Using Waste Heat for Horticulture

NFU Energy and District Eating are working together on a part Innovate UK-funded project to reduce CO2 emissions by enabling growers to access stable and lower-cost heat.

The project will run for 14 months and assess the economic, environmental and social opportunities associated with using sources of waste heat and carbon dioxide for protected horticulture in England.

Of 60 UK energy-from-waste plants, only 10 are said to use heat successfully. Recoverable waste heat from UK industry could reportedlysupply 14 per cent of UK domestic heating (estimated to be 10-50 TWh/yr).

Using this waste heat in protected horticulture for UK food production could reduce CO2 emissions associated with its production by at least 70 per cent, without including CO2 savings from reduced imports and transport supply chain emissions.

Opportunities from waste resources

The study aims to improve productivity and reduce carbon emissions associated with industrial production while showcasing the opportunities that can be made from waste resources. Using these waste resources to grow food also could have sustainability benefits, increasing food security in the UK and taking pressures off countries already seeing the effects of climate change, who are relied on for imports.

By providing longevity in a heat source, away from direct energy markets, the project aims also to improve resilience for both growers and sites with industrial waste heat.

Project partners

District Eating develops low-carbon horticulture projects using waste heat and CO2. The team is made of a diverse range of engineers and sustainability specialists who aim to reduce environmental and transportation costs while improving food security in the UK.

District Eating also aims to incorporate community benefit into its projects with training, apprenticeships and social prescribing.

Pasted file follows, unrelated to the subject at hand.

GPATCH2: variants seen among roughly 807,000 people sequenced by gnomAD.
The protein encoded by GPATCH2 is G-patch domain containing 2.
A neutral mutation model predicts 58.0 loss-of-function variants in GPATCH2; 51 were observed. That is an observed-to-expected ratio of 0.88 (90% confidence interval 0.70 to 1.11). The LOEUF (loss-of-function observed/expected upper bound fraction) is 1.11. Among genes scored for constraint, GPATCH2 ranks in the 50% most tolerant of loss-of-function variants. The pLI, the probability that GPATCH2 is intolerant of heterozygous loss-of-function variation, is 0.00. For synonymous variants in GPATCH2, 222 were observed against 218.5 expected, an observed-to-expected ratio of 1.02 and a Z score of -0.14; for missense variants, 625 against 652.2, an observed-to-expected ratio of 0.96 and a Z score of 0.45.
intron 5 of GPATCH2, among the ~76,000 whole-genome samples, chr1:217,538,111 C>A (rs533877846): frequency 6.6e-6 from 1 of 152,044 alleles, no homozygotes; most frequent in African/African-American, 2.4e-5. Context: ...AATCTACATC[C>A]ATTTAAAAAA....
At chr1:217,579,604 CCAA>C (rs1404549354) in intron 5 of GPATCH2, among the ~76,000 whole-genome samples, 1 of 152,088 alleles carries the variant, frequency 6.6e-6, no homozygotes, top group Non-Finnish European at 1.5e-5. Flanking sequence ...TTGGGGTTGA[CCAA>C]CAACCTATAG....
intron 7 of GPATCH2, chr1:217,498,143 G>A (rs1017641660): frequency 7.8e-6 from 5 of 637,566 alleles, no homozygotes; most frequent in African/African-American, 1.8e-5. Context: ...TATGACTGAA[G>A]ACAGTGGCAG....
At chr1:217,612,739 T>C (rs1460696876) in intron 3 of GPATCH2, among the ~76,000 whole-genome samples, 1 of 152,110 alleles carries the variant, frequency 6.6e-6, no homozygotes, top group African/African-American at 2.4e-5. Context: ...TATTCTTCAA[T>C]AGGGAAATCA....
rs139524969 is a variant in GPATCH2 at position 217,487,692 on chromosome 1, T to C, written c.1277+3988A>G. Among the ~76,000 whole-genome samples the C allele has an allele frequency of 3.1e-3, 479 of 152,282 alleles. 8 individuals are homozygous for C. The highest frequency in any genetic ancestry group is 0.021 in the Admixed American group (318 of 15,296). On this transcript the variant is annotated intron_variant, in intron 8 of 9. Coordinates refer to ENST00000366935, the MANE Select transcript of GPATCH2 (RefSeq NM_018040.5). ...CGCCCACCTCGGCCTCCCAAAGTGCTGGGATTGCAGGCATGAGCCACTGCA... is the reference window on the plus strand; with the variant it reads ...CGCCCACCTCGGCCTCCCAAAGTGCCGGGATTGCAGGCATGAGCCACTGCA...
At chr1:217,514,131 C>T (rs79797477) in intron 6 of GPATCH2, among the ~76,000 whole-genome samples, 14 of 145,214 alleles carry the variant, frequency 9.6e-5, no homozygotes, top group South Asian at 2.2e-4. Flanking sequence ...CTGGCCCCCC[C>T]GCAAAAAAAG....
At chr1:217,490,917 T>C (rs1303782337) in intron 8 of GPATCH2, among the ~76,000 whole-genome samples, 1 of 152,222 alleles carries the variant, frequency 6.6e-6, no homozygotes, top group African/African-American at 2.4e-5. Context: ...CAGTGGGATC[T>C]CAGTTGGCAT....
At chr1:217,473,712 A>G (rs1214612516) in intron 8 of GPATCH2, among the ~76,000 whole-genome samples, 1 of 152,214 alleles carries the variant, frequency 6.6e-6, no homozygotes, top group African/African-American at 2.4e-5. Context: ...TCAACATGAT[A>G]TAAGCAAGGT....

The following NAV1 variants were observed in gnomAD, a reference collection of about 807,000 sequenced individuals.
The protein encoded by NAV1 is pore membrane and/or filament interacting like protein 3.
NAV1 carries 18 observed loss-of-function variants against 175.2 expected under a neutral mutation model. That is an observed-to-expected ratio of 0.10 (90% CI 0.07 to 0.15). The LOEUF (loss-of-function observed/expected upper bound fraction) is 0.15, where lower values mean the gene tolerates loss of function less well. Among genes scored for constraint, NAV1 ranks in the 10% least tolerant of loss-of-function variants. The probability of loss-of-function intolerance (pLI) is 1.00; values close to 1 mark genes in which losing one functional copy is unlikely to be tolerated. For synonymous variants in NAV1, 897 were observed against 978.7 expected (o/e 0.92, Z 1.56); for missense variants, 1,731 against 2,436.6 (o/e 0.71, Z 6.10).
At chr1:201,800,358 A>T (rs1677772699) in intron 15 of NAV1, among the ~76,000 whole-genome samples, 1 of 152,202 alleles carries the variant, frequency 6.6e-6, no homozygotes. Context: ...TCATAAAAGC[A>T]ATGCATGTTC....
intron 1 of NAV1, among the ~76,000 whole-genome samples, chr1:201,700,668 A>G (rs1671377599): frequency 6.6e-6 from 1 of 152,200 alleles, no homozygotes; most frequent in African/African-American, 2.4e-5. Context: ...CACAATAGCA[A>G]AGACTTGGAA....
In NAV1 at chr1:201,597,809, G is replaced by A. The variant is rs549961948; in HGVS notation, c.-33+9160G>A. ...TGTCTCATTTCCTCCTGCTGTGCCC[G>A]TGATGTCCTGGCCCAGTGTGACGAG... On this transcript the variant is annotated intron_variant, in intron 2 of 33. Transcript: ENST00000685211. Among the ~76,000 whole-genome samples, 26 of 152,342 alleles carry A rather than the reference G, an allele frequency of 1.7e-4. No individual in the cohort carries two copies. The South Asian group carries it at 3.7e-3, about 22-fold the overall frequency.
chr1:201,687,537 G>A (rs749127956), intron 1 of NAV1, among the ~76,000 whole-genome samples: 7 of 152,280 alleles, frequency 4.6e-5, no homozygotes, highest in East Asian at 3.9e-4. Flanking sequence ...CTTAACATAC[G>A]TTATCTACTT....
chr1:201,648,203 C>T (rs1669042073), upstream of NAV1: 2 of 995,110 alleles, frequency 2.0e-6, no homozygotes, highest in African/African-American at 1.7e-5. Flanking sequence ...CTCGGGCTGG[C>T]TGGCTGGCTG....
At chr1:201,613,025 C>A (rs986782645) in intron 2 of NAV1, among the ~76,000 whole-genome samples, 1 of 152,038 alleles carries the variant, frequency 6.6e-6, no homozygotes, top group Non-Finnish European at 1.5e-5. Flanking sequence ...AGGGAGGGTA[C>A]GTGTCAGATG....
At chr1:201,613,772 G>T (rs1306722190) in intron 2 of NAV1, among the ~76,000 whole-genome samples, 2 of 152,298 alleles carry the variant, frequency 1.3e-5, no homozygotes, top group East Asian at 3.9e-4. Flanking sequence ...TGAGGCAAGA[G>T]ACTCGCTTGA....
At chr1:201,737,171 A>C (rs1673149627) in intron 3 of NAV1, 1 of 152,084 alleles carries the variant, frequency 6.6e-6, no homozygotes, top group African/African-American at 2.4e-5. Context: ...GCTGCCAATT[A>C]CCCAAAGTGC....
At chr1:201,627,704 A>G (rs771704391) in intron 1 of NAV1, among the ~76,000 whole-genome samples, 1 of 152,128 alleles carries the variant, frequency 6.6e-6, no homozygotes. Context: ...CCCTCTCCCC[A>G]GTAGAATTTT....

District Eating’s role in the project is to identify and contact potential sources of waste heat in England, to generate interest in the Innovate UK project; explain the benefits of co-locating horticulture with sources of waste heat, and the opportunities it can deliver to sources of waste heat (financial, environmental and reputational); and model the potential economic, environmental, and social benefits of waste heat recovery.

NFU Energy helps its customers by finding them the best renewable energy solutions, ensuring their compliance to UK energy incentive schemes and through sourcing the best energy contracts on the market.

Its role in this project is to facilitate increased production potential by providing lower-cost heat sources to growers and farmers; help enable the re-use of industrial waste heat lowering CO2 emissions of the industry and reliance on high CO2 emission fuels for horticulture; and ensure resilience by decoupling growers from the direct energy markets and provide stability and longevity in heat source.

Testing business models

The project will also assess relevant business models, from heat supply agreements for district heating to online marketplaces for organic resources. The suitability of these options will be tested with groups of horticultural and waste heat-producing businesses recruited to the project.

Examples where waste heat is already being re-used include:

• A 29ha greenhouse development using heat abstracted from wastewater upgraded with a heat pump supplied with electricity from a natural gas fired CHP

• An 18ha greenhouse heated with wasted heat from sugar refinery

• A 1.2ha greenhouse supplied with heat from biogas-fuelled CHP.

Net-zero future

Both NFU Energy and District Eating aim to provide support and opportunities to reduce emissions and develop a net-zero future. They will be working together throughout the project to identify overlap in research, supporting growers in accessing stable, low-cost, waste heat.

Technical director of NFU Energy Jon Swain said: 'With extraordinary gas price rises towards the end of last year affecting the cost of heat and having an effect also on electricity prices and CO2 production, growers are facing unprecedented costs of energy and CO2, which is used to enrich the growing environment for produce in the greenhouse.

'This service could provide growers with ideal opportunities to source local, sustainably, and reliable alternatives to gas, at a time when farmers are really feeling the effects of supply chain issues and the pressure of decarbonising.'